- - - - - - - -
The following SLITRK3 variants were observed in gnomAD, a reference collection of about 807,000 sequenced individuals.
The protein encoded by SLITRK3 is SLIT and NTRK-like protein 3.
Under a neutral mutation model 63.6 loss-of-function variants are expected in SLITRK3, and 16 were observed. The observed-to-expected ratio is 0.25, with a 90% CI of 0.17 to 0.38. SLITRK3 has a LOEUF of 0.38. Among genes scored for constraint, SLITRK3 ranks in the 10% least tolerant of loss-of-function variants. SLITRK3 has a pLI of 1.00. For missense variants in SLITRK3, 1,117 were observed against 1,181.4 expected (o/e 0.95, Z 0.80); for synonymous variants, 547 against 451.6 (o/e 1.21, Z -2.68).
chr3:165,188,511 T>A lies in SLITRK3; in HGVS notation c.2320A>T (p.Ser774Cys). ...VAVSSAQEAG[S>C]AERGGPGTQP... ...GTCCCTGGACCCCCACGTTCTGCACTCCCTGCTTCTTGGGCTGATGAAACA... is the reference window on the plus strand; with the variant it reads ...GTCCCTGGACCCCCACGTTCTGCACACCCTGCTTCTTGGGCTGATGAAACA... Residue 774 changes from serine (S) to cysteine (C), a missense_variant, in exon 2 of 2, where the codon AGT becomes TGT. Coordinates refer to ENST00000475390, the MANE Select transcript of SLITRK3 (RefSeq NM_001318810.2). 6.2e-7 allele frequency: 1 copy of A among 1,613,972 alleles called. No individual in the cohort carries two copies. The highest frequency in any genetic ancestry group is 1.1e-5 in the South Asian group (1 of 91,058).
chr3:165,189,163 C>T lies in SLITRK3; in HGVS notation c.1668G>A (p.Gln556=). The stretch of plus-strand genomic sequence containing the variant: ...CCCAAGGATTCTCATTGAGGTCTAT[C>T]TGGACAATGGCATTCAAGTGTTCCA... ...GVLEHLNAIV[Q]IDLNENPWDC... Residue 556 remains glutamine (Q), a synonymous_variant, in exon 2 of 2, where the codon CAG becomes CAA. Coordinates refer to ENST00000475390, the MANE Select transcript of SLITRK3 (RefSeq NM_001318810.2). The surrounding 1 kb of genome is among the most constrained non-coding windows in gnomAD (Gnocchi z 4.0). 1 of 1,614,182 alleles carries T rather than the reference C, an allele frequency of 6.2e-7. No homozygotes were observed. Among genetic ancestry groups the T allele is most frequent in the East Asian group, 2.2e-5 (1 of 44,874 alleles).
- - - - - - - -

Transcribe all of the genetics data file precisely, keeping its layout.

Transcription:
The following SLITRK3 variants were observed in gnomAD, a reference collection of about 807,000 sequenced individuals.
The protein encoded by SLITRK3 is SLIT and NTRK-like protein 3.
Under a neutral mutation model 63.6 loss-of-function variants are expected in SLITRK3, and 16 were observed. The observed-to-expected ratio is 0.25, with a 90% CI of 0.17 to 0.38. SLITRK3 has a LOEUF of 0.38. Among genes scored for constraint, SLITRK3 ranks in the 10% least tolerant of loss-of-function variants. SLITRK3 has a pLI of 1.00. For missense variants in SLITRK3, 1,117 were observed against 1,181.4 expected (o/e 0.95, Z 0.80); for synonymous variants, 547 against 451.6 (o/e 1.21, Z -2.68).
chr3:165,188,511 T>A lies in SLITRK3; in HGVS notation c.2320A>T (p.Ser774Cys). ...VAVSSAQEAG[S>C]AERGGPGTQP... ...GTCCCTGGACCCCCACGTTCTGCACTCCCTGCTTCTTGGGCTGATGAAACA... is the reference window on the plus strand; with the variant it reads ...GTCCCTGGACCCCCACGTTCTGCACACCCTGCTTCTTGGGCTGATGAAACA... Residue 774 changes from serine (S) to cysteine (C), a missense_variant, in exon 2 of 2, where the codon AGT becomes TGT. Coordinates refer to ENST00000475390, the MANE Select transcript of SLITRK3 (RefSeq NM_001318810.2). 6.2e-7 allele frequency: 1 copy of A among 1,613,972 alleles called. No individual in the cohort carries two copies. The highest frequency in any genetic ancestry group is 1.1e-5 in the South Asian group (1 of 91,058).
chr3:165,189,163 C>T lies in SLITRK3; in HGVS notation c.1668G>A (p.Gln556=). The stretch of plus-strand genomic sequence containing the variant: ...CCCAAGGATTCTCATTGAGGTCTAT[C>T]TGGACAATGGCATTCAAGTGTTCCA... ...GVLEHLNAIV[Q]IDLNENPWDC... Residue 556 remains glutamine (Q), a synonymous_variant, in exon 2 of 2, where the codon CAG becomes CAA. Coordinates refer to ENST00000475390, the MANE Select transcript of SLITRK3 (RefSeq NM_001318810.2). The surrounding 1 kb of genome is among the most constrained non-coding windows in gnomAD (Gnocchi z 4.0). 1 of 1,614,182 alleles carries T rather than the reference C, an allele frequency of 6.2e-7. No homozygotes were observed. Among genetic ancestry groups the T allele is most frequent in the East Asian group, 2.2e-5 (1 of 44,874 alleles).